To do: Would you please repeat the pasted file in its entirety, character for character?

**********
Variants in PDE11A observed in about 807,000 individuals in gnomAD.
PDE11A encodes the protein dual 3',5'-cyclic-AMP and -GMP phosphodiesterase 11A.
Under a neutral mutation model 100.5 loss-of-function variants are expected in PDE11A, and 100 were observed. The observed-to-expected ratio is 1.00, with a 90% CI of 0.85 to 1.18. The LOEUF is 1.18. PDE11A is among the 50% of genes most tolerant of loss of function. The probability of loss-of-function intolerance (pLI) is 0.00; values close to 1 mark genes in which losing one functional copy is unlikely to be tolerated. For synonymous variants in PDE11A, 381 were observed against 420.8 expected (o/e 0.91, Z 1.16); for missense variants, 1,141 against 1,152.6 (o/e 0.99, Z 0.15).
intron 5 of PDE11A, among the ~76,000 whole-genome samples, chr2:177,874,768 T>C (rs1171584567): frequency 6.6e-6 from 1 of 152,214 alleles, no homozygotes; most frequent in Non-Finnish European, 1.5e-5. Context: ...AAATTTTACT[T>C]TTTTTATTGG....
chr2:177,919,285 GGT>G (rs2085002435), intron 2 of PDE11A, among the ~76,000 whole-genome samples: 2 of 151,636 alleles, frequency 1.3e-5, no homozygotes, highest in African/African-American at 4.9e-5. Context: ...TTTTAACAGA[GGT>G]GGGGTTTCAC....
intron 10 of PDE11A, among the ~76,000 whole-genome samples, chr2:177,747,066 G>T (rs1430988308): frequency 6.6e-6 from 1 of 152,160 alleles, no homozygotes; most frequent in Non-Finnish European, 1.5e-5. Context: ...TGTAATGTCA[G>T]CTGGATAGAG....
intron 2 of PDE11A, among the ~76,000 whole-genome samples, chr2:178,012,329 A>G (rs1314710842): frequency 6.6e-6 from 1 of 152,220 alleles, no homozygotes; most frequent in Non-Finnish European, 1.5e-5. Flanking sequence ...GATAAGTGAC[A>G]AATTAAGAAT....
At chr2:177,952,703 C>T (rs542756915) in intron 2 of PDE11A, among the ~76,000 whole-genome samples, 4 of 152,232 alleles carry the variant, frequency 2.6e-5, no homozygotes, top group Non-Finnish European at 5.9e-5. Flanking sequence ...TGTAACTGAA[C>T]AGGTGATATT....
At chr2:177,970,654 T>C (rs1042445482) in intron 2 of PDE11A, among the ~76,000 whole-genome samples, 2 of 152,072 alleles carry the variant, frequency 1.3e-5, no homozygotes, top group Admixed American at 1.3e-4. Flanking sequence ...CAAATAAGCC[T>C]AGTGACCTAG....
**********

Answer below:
Variants in PDE11A observed in about 807,000 individuals in gnomAD.
PDE11A encodes the protein dual 3',5'-cyclic-AMP and -GMP phosphodiesterase 11A.
Under a neutral mutation model 100.5 loss-of-function variants are expected in PDE11A, and 100 were observed. The observed-to-expected ratio is 1.00, with a 90% CI of 0.85 to 1.18. The LOEUF is 1.18. PDE11A is among the 50% of genes most tolerant of loss of function. The probability of loss-of-function intolerance (pLI) is 0.00; values close to 1 mark genes in which losing one functional copy is unlikely to be tolerated. For synonymous variants in PDE11A, 381 were observed against 420.8 expected (o/e 0.91, Z 1.16); for missense variants, 1,141 against 1,152.6 (o/e 0.99, Z 0.15).
intron 5 of PDE11A, among the ~76,000 whole-genome samples, chr2:177,874,768 T>C (rs1171584567): frequency 6.6e-6 from 1 of 152,214 alleles, no homozygotes; most frequent in Non-Finnish European, 1.5e-5. Context: ...AAATTTTACT[T>C]TTTTTATTGG....
chr2:177,919,285 GGT>G (rs2085002435), intron 2 of PDE11A, among the ~76,000 whole-genome samples: 2 of 151,636 alleles, frequency 1.3e-5, no homozygotes, highest in African/African-American at 4.9e-5. Context: ...TTTTAACAGA[GGT>G]GGGGTTTCAC....
intron 10 of PDE11A, among the ~76,000 whole-genome samples, chr2:177,747,066 G>T (rs1430988308): frequency 6.6e-6 from 1 of 152,160 alleles, no homozygotes; most frequent in Non-Finnish European, 1.5e-5. Context: ...TGTAATGTCA[G>T]CTGGATAGAG....
intron 2 of PDE11A, among the ~76,000 whole-genome samples, chr2:178,012,329 A>G (rs1314710842): frequency 6.6e-6 from 1 of 152,220 alleles, no homozygotes; most frequent in Non-Finnish European, 1.5e-5. Flanking sequence ...GATAAGTGAC[A>G]AATTAAGAAT....
At chr2:177,952,703 C>T (rs542756915) in intron 2 of PDE11A, among the ~76,000 whole-genome samples, 4 of 152,232 alleles carry the variant, frequency 2.6e-5, no homozygotes, top group Non-Finnish European at 5.9e-5. Flanking sequence ...TGTAACTGAA[C>T]AGGTGATATT....
At chr2:177,970,654 T>C (rs1042445482) in intron 2 of PDE11A, among the ~76,000 whole-genome samples, 2 of 152,072 alleles carry the variant, frequency 1.3e-5, no homozygotes, top group Admixed American at 1.3e-4. Flanking sequence ...CAAATAAGCC[T>C]AGTGACCTAG....